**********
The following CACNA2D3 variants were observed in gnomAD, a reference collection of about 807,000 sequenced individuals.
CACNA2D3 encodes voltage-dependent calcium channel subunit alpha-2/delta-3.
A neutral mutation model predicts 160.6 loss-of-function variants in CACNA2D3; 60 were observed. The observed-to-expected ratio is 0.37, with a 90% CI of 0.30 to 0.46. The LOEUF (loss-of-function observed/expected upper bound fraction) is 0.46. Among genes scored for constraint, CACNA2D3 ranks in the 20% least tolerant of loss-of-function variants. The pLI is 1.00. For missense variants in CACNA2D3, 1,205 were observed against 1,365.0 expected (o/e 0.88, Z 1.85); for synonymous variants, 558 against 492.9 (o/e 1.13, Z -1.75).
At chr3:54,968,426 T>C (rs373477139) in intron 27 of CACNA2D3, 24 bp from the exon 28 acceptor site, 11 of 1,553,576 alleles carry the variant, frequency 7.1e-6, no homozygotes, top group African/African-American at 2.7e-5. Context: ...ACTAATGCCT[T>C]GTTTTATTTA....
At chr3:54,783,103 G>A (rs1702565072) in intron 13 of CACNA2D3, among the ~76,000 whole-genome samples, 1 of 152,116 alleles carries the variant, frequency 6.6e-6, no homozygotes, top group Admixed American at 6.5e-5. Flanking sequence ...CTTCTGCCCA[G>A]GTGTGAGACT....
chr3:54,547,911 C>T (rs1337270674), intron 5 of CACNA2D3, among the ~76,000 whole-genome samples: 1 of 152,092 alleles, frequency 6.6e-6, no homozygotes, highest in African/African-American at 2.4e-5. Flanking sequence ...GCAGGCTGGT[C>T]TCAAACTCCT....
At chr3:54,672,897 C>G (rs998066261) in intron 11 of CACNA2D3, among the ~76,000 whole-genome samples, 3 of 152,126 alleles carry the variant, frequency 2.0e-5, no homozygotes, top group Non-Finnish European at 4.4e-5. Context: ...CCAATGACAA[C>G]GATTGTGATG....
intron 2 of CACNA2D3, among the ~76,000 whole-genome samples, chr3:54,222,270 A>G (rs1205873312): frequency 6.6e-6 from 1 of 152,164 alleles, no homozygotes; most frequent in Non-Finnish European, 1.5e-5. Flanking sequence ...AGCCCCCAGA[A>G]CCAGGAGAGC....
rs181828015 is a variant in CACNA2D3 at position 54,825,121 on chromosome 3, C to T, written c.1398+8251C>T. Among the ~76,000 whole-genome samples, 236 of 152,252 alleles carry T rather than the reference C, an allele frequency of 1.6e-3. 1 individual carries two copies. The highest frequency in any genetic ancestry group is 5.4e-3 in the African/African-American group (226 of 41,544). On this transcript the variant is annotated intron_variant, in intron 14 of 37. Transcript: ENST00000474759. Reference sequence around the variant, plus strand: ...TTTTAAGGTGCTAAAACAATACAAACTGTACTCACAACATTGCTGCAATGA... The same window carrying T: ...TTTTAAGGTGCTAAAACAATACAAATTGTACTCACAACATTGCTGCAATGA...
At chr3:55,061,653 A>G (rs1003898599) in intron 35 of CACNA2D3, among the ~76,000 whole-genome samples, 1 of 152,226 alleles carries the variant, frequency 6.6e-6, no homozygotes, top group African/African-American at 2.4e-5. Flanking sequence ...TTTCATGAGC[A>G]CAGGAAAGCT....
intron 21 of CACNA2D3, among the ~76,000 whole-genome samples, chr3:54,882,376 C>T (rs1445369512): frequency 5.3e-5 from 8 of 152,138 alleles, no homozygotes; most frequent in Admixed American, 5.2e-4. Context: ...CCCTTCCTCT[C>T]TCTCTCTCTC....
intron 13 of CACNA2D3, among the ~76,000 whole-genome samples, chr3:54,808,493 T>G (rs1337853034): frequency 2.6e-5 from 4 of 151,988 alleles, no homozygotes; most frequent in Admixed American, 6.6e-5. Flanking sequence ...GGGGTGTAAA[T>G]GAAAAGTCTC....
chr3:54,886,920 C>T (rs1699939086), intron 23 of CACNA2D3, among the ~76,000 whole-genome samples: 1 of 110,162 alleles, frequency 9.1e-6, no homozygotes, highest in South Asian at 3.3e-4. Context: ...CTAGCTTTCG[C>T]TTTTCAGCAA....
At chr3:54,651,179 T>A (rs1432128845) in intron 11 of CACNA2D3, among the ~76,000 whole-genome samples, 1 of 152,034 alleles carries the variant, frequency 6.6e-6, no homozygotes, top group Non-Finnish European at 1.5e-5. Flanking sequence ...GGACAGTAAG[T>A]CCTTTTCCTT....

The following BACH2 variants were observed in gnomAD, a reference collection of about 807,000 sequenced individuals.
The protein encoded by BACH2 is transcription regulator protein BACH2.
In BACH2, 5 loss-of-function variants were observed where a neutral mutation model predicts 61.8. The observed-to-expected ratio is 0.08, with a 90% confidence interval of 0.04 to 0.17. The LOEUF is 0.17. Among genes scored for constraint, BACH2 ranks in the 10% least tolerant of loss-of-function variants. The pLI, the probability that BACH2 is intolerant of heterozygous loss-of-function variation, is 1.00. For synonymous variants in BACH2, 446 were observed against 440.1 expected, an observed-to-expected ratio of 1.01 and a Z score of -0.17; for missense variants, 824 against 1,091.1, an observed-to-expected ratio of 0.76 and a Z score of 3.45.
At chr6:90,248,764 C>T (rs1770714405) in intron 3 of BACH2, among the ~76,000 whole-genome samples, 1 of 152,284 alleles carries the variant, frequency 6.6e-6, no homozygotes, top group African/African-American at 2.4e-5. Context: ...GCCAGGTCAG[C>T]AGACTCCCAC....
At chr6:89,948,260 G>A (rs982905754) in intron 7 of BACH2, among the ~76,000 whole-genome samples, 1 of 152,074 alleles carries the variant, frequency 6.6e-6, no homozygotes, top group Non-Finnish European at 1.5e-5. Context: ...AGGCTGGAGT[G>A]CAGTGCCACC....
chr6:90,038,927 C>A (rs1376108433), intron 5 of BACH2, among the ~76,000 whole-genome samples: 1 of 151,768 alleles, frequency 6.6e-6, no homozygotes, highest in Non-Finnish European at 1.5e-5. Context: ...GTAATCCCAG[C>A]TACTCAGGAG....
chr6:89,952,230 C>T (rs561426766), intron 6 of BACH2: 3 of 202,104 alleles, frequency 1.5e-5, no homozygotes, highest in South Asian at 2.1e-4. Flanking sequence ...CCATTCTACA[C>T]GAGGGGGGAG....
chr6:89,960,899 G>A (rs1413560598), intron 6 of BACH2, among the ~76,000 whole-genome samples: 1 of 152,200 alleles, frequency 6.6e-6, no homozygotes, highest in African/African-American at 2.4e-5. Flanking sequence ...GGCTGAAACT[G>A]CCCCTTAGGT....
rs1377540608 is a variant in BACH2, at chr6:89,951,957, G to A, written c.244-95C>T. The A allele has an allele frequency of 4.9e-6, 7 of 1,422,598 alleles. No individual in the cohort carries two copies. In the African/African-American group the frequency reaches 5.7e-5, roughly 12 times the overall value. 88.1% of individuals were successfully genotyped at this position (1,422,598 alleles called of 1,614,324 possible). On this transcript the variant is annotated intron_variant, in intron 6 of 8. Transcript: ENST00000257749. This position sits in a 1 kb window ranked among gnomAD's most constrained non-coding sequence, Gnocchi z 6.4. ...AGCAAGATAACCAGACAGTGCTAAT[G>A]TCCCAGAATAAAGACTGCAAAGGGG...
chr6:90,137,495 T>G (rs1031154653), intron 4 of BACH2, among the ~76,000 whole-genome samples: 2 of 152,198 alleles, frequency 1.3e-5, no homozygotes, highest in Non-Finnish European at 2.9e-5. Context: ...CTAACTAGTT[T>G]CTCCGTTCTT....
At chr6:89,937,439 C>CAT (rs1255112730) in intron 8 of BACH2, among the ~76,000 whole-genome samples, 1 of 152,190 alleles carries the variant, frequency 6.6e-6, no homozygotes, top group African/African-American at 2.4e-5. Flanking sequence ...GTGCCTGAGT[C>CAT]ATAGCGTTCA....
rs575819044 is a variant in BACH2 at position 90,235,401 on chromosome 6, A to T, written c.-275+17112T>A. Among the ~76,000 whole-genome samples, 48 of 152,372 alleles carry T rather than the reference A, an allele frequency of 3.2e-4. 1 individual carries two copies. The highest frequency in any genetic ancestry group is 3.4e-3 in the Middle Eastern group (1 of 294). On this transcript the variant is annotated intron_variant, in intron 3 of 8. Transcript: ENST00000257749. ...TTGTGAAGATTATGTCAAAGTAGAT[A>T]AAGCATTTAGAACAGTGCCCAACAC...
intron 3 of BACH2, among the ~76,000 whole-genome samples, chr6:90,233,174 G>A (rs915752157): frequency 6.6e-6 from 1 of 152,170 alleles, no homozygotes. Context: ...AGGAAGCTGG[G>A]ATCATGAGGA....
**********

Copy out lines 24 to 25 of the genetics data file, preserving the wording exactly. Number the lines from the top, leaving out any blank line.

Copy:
chr6:90,137,495 T>G (rs1031154653), intron 4 of BACH2, among the ~76,000 whole-genome samples: 2 of 152,198 alleles, frequency 1.3e-5, no homozygotes, highest in Non-Finnish European at 2.9e-5. Context: ...CTAACTAGTT[T>G]CTCCGTTCTT....
At chr6:89,937,439 C>CAT (rs1255112730) in intron 8 of BACH2, among the ~76,000 whole-genome samples, 1 of 152,190 alleles carries the variant, frequency 6.6e-6, no homozygotes, top group African/African-American at 2.4e-5. Flanking sequence ...GTGCCTGAGT[C>CAT]ATAGCGTTCA....